Supreme Court Of India

Hindustan Machine Tools Limited V. Industrial Tribunal, Jaipur and Another

Civil Appeal No. 339 Of 1997. 24-01-1997

JUDGMENT

1. Special leave granted.

2. We have heard the learned counsel for the parties.

3. The only question that falls for consideration in this appeal is whether the writ petition that was filed by the appellant in the High Court is to be treated as a petition filed under Article 227 of the Constitution and the special appeal filed before the Division Bench against the judgment of the learned Single Judge dismissing the said writ petition was not maintainable. By the impugned judgment the learned Judges of the Division Bench of the High Court have held that having regard to the nature of the relief prayed for and the judgment and order passed by the learned Single Judge, the writ petition filed in the High Court was essentially a petition under Article 227 of the Constitution and that merely the label given by the petitioner would not be sufficient to hold that the petition was under Article 226 of the Constitution. On that view the High Court has held that the special appeal was not maintainable.

4. We have carefully perused the writ petition which was filed by the appellant in the High Court. The writ petition has been described as having been filed under Article 226 of the Constitution. In paragraph 5 of the writ petition the award of the Industrial Tribunal dated 21-9-1984 has been assailed on various grounds. One of the grounds is that the order of reference dated 6-10-1982 was not valid and beyond the scope of Section 10(l) (d) read with Section 12 of the Industrial Disputes Act, 1947. It has been submitted that insofar as the establishment is concerned, the appropriate Government is the Central Government and that the very initiation of conciliation proceedings before the officers of the State of Rajasthan was incompetent. In paragraph 6 of the said writ petition it has been stated that the petitioner has no other alternative remedy except to approach the Hon'ble Court in its extraordinary jurisdiction by way of filing this writ petition. In the writ petition the relief was sought in the following terms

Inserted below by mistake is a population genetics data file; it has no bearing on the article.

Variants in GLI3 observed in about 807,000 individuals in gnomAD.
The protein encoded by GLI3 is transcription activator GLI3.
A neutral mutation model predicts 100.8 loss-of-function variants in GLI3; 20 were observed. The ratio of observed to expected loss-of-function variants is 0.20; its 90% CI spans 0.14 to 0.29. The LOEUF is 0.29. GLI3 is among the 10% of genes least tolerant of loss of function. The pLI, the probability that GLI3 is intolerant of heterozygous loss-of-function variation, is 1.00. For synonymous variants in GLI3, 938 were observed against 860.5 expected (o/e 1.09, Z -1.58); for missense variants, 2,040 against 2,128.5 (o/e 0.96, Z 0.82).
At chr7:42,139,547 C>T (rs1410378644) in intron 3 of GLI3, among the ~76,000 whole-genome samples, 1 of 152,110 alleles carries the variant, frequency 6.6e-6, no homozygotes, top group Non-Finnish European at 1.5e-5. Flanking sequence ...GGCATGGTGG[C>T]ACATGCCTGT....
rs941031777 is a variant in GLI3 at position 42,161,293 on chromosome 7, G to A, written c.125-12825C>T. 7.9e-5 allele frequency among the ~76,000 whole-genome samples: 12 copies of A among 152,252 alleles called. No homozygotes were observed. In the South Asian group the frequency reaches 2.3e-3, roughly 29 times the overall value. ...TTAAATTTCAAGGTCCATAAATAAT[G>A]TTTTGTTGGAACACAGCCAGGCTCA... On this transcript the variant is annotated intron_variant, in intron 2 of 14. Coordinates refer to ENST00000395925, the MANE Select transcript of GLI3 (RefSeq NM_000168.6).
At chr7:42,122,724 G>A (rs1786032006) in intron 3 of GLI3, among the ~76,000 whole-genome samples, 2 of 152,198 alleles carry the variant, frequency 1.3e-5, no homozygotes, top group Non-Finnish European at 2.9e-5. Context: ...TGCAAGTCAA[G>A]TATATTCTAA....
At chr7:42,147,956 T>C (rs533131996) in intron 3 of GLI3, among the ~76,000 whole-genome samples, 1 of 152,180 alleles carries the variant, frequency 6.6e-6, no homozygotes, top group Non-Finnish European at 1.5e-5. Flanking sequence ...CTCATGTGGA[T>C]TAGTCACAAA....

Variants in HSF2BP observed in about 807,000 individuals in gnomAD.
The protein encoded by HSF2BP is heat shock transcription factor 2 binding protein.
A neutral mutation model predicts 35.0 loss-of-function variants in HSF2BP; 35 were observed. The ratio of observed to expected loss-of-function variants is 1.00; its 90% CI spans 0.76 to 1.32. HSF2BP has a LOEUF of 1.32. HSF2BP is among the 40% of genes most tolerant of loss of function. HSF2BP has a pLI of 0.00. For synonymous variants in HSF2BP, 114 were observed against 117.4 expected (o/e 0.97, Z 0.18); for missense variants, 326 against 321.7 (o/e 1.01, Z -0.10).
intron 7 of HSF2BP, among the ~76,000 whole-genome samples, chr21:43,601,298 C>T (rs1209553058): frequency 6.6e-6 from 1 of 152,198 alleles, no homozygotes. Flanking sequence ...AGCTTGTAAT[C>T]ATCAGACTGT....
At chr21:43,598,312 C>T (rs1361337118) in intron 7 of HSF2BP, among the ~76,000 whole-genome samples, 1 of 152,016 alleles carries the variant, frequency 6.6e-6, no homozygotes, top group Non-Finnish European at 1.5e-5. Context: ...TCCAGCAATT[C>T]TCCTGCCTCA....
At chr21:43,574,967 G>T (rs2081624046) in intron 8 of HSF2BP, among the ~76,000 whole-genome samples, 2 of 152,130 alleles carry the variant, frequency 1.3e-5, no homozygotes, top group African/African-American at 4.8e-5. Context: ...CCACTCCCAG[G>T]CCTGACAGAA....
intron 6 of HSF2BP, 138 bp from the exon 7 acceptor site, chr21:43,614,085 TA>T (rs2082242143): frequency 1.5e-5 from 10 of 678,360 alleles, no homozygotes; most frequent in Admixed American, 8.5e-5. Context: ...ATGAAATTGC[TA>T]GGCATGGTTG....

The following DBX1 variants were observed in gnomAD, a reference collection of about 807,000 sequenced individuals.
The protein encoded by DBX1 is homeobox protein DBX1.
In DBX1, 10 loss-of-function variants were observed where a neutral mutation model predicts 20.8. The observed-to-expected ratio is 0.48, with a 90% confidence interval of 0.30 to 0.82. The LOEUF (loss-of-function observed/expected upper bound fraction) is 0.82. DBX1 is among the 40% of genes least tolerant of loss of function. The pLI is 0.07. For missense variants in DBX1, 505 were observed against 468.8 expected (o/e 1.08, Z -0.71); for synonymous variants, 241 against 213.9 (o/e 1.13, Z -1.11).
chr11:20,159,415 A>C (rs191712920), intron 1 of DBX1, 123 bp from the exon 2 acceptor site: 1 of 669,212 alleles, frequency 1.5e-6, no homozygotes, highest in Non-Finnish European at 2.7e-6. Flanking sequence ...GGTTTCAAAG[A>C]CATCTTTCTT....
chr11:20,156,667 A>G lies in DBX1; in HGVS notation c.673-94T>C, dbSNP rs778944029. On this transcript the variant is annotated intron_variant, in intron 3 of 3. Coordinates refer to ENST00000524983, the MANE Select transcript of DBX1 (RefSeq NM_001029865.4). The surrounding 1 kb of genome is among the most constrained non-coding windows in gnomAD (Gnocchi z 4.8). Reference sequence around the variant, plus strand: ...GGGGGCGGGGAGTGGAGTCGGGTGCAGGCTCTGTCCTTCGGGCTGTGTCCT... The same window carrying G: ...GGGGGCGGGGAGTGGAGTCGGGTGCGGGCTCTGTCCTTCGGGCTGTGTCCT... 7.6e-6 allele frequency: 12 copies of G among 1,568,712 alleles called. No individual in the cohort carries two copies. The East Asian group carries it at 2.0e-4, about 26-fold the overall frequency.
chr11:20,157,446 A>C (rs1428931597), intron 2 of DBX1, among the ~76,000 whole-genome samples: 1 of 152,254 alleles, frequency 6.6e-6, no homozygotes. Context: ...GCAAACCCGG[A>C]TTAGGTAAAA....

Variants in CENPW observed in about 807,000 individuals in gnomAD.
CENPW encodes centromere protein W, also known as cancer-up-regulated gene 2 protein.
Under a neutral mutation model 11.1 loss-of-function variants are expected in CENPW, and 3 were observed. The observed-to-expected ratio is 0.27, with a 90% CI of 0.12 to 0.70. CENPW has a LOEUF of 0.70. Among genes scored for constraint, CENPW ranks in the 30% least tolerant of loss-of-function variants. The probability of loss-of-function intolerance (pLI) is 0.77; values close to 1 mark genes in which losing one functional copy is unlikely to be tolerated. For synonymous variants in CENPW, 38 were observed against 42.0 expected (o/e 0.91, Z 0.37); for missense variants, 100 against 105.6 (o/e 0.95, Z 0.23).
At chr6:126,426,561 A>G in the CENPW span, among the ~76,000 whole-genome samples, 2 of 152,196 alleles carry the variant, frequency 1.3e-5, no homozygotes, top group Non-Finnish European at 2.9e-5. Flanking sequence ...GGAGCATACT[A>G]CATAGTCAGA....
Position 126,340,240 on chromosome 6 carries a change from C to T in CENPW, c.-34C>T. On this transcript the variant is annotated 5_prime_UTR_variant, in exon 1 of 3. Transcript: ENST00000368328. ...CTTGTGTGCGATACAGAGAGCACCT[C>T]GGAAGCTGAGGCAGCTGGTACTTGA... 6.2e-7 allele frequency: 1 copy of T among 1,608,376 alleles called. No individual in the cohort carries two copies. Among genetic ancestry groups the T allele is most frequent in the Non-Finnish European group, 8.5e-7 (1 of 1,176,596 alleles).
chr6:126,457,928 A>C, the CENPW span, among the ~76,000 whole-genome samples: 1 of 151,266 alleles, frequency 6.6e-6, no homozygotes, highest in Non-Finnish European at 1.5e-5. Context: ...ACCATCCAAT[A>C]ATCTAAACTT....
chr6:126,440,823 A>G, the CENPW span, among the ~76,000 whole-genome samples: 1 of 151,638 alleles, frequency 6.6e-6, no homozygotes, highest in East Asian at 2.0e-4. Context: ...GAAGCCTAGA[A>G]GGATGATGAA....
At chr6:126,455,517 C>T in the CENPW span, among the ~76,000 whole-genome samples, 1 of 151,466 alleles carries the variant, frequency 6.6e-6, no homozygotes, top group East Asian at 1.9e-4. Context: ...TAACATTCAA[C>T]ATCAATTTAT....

"It is, therefore, prayed that your Lordships be pleased to call for and examine the entire record relating to this case and the impugned Award Ex. 7 dated 21-9-1984 read with Ex. 5 be declared to be null and void insofar as it relates to demand No. 3 and the same may be quashed and set aside to that extent." *

5. The contents of the writ petition clearly indicate that by filing the writ petition the appellant was invoking the extraordinary jurisdiction of the High Court under Article 226 of the Constitution and the said writ petition has to be treated as a petition filed under Article 226 of the Constitution. The Division Bench of the High Court was in error in holding that the said petition was essentially a petition under Article 227 of the Constitution. Once it is held that the petition was a writ petition filed under Article 226 of the Constitution, the special appeal filed by the appellant against the judgment of the learned Single Judge was maintainable under Section 18 of the Rajasthan High Court Ordinance, 1949

6. The appeal is, therefore, allowed, the impugned judgment of the High Court holding that the special appeal was not maintainable is set aside and D. B. Civil Special Appeal (Writ) No. 196 of 1993 filed by the appellant against the judgment of the learned Single Judge is remitted to the High Court for consideration on merits. The High Court is requested to hear and dispose of the said special appeal expeditiously. The interim order that was passed in the special appeal will continue till any further order is passed by the High Court in that regard. No order as to costs.

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